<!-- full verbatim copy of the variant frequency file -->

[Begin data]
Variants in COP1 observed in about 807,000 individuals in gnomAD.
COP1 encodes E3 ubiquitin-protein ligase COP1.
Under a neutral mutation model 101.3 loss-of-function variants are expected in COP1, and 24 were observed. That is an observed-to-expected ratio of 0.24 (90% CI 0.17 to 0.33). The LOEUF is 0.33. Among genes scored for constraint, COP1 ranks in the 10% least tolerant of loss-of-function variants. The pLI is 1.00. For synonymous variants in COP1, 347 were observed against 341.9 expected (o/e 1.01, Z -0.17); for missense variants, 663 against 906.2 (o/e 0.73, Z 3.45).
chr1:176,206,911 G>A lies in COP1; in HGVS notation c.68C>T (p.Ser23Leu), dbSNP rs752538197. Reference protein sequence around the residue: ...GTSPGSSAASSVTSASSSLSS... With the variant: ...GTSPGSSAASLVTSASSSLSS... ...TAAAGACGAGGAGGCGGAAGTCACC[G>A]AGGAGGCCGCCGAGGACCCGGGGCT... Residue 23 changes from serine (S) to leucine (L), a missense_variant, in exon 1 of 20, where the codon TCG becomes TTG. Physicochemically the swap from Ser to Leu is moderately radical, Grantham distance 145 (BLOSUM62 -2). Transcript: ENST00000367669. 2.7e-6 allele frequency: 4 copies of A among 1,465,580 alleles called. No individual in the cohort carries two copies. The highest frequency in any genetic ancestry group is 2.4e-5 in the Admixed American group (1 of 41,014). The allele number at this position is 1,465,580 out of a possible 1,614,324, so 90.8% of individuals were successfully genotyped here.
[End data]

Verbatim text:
Variants in COP1 observed in about 807,000 individuals in gnomAD.
COP1 encodes E3 ubiquitin-protein ligase COP1.
Under a neutral mutation model 101.3 loss-of-function variants are expected in COP1, and 24 were observed. That is an observed-to-expected ratio of 0.24 (90% CI 0.17 to 0.33). The LOEUF is 0.33. Among genes scored for constraint, COP1 ranks in the 10% least tolerant of loss-of-function variants. The pLI is 1.00. For synonymous variants in COP1, 347 were observed against 341.9 expected (o/e 1.01, Z -0.17); for missense variants, 663 against 906.2 (o/e 0.73, Z 3.45).
chr1:176,206,911 G>A lies in COP1; in HGVS notation c.68C>T (p.Ser23Leu), dbSNP rs752538197. Reference protein sequence around the residue: ...GTSPGSSAASSVTSASSSLSS... With the variant: ...GTSPGSSAASLVTSASSSLSS... ...TAAAGACGAGGAGGCGGAAGTCACC[G>A]AGGAGGCCGCCGAGGACCCGGGGCT... Residue 23 changes from serine (S) to leucine (L), a missense_variant, in exon 1 of 20, where the codon TCG becomes TTG. Physicochemically the swap from Ser to Leu is moderately radical, Grantham distance 145 (BLOSUM62 -2). Transcript: ENST00000367669. 2.7e-6 allele frequency: 4 copies of A among 1,465,580 alleles called. No individual in the cohort carries two copies. The highest frequency in any genetic ancestry group is 2.4e-5 in the Admixed American group (1 of 41,014). The allele number at this position is 1,465,580 out of a possible 1,614,324, so 90.8% of individuals were successfully genotyped here.